Testing for Terror: Preparing for the Unthinkable at London Olympics
The bells of St Clement Danes Church on The Strand chimed on the hour at 10 a.m. Gray clouds hung low over traffic-filled streets and the cold chilled to the bone.
So a pretty typical February day in central London.
It became untypical at around 11, after two young men walked out of nearby Aldwych underground, or subway, station. A few minutes later, a public announcement instructed everybody to leave the building. The trickle of commuters leaving the station became a torrent. Some of them were irate, demanding an explanation from subway workers and police. Others held their heads or limbs, seemingly wounded and in shock.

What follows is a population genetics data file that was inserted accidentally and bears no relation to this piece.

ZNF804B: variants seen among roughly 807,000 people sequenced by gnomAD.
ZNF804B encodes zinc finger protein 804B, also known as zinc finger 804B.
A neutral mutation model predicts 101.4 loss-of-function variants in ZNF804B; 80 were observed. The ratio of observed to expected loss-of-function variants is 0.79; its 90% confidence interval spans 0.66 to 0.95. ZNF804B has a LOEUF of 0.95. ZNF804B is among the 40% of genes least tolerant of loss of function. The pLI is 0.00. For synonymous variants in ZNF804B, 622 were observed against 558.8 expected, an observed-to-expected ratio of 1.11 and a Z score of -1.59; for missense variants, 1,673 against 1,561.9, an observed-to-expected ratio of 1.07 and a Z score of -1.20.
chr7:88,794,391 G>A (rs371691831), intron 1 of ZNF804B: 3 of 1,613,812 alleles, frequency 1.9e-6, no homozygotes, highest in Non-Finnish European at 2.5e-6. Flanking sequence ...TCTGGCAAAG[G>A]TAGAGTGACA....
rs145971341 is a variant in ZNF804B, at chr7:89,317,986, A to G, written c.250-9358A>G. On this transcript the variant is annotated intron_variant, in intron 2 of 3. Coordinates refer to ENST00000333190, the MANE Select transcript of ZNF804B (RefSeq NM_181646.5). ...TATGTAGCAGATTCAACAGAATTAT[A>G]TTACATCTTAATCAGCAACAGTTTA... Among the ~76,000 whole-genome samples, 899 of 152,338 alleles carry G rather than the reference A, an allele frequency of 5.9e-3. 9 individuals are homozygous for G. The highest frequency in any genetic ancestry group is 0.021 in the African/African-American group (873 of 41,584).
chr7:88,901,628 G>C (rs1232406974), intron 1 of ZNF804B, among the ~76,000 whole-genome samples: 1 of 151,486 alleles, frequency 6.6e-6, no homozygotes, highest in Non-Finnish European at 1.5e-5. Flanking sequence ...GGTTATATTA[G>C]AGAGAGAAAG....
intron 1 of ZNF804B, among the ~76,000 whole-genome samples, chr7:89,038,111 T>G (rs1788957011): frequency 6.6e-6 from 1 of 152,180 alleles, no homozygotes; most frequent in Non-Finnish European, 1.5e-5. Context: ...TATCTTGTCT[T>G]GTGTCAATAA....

Sirens screamed and a helicopter hovered above. Police vans, ambulances, fire trucks and a large green tent for the wounded clogged the narrow lane outside the station. Dozens of first responders — fire fighters in helmets and black-and-yellow outfits, ambulance workers, police officers and delighted-looking bomb-sniffing dogs — milled around on the street.
The bad news: Word was that an explosive device had partially detonated deep in the Tube.
The good news: It was all part of a two-day drill on Wednesday called Operation Forward Defensive involving thousands of emergency personnel and volunteers.
Dozens of journalists and officials were observing an exercise of how emergency services, London City Hall, transport officials, Olympic organizers, the government and counter-terrorism units would react to a terrorist attack during this summer’s games. According to the scenario, there had been an “incident” in Oxford Street Station, a major transport artery, on August 8, 2012, judged to be one of the busiest days during the Olympics.